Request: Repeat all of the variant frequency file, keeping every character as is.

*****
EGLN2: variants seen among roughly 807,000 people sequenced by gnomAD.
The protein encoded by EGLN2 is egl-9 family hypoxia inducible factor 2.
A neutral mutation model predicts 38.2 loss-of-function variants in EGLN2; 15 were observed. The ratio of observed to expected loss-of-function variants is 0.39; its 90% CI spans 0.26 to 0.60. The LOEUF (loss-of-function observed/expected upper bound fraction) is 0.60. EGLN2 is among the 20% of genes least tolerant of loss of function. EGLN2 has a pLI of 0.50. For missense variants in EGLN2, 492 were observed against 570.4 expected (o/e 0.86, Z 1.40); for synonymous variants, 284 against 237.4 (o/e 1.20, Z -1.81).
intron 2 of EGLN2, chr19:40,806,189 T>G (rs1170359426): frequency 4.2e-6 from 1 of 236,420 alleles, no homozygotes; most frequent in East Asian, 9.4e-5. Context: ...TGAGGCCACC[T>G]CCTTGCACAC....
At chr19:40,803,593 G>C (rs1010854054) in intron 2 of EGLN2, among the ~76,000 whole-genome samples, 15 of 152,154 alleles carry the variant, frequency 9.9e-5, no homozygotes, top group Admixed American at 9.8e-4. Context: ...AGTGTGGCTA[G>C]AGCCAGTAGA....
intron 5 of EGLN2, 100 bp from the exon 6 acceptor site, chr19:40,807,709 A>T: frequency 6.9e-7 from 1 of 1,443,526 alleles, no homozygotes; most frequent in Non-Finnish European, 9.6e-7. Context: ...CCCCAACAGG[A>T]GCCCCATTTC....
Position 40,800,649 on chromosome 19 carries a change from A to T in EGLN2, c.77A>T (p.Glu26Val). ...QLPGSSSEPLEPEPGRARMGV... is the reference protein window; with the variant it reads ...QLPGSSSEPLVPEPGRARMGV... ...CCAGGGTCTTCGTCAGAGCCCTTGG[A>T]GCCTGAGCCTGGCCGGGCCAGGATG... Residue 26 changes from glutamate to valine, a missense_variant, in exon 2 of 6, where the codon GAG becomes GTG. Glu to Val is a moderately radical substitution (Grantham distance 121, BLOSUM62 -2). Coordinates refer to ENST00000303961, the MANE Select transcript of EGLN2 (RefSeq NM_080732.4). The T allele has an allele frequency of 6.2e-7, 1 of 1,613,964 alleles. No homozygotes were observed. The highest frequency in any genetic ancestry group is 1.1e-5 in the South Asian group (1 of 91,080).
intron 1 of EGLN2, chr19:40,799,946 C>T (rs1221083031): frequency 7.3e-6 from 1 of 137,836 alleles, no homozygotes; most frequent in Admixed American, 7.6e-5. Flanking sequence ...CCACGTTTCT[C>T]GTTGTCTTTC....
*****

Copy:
EGLN2: variants seen among roughly 807,000 people sequenced by gnomAD.
The protein encoded by EGLN2 is egl-9 family hypoxia inducible factor 2.
A neutral mutation model predicts 38.2 loss-of-function variants in EGLN2; 15 were observed. The ratio of observed to expected loss-of-function variants is 0.39; its 90% CI spans 0.26 to 0.60. The LOEUF (loss-of-function observed/expected upper bound fraction) is 0.60. EGLN2 is among the 20% of genes least tolerant of loss of function. EGLN2 has a pLI of 0.50. For missense variants in EGLN2, 492 were observed against 570.4 expected (o/e 0.86, Z 1.40); for synonymous variants, 284 against 237.4 (o/e 1.20, Z -1.81).
intron 2 of EGLN2, chr19:40,806,189 T>G (rs1170359426): frequency 4.2e-6 from 1 of 236,420 alleles, no homozygotes; most frequent in East Asian, 9.4e-5. Context: ...TGAGGCCACC[T>G]CCTTGCACAC....
At chr19:40,803,593 G>C (rs1010854054) in intron 2 of EGLN2, among the ~76,000 whole-genome samples, 15 of 152,154 alleles carry the variant, frequency 9.9e-5, no homozygotes, top group Admixed American at 9.8e-4. Context: ...AGTGTGGCTA[G>C]AGCCAGTAGA....
intron 5 of EGLN2, 100 bp from the exon 6 acceptor site, chr19:40,807,709 A>T: frequency 6.9e-7 from 1 of 1,443,526 alleles, no homozygotes; most frequent in Non-Finnish European, 9.6e-7. Context: ...CCCCAACAGG[A>T]GCCCCATTTC....
Position 40,800,649 on chromosome 19 carries a change from A to T in EGLN2, c.77A>T (p.Glu26Val). ...QLPGSSSEPLEPEPGRARMGV... is the reference protein window; with the variant it reads ...QLPGSSSEPLVPEPGRARMGV... ...CCAGGGTCTTCGTCAGAGCCCTTGG[A>T]GCCTGAGCCTGGCCGGGCCAGGATG... Residue 26 changes from glutamate to valine, a missense_variant, in exon 2 of 6, where the codon GAG becomes GTG. Glu to Val is a moderately radical substitution (Grantham distance 121, BLOSUM62 -2). Coordinates refer to ENST00000303961, the MANE Select transcript of EGLN2 (RefSeq NM_080732.4). The T allele has an allele frequency of 6.2e-7, 1 of 1,613,964 alleles. No homozygotes were observed. The highest frequency in any genetic ancestry group is 1.1e-5 in the South Asian group (1 of 91,080).
intron 1 of EGLN2, chr19:40,799,946 C>T (rs1221083031): frequency 7.3e-6 from 1 of 137,836 alleles, no homozygotes; most frequent in Admixed American, 7.6e-5. Flanking sequence ...CCACGTTTCT[C>T]GTTGTCTTTC....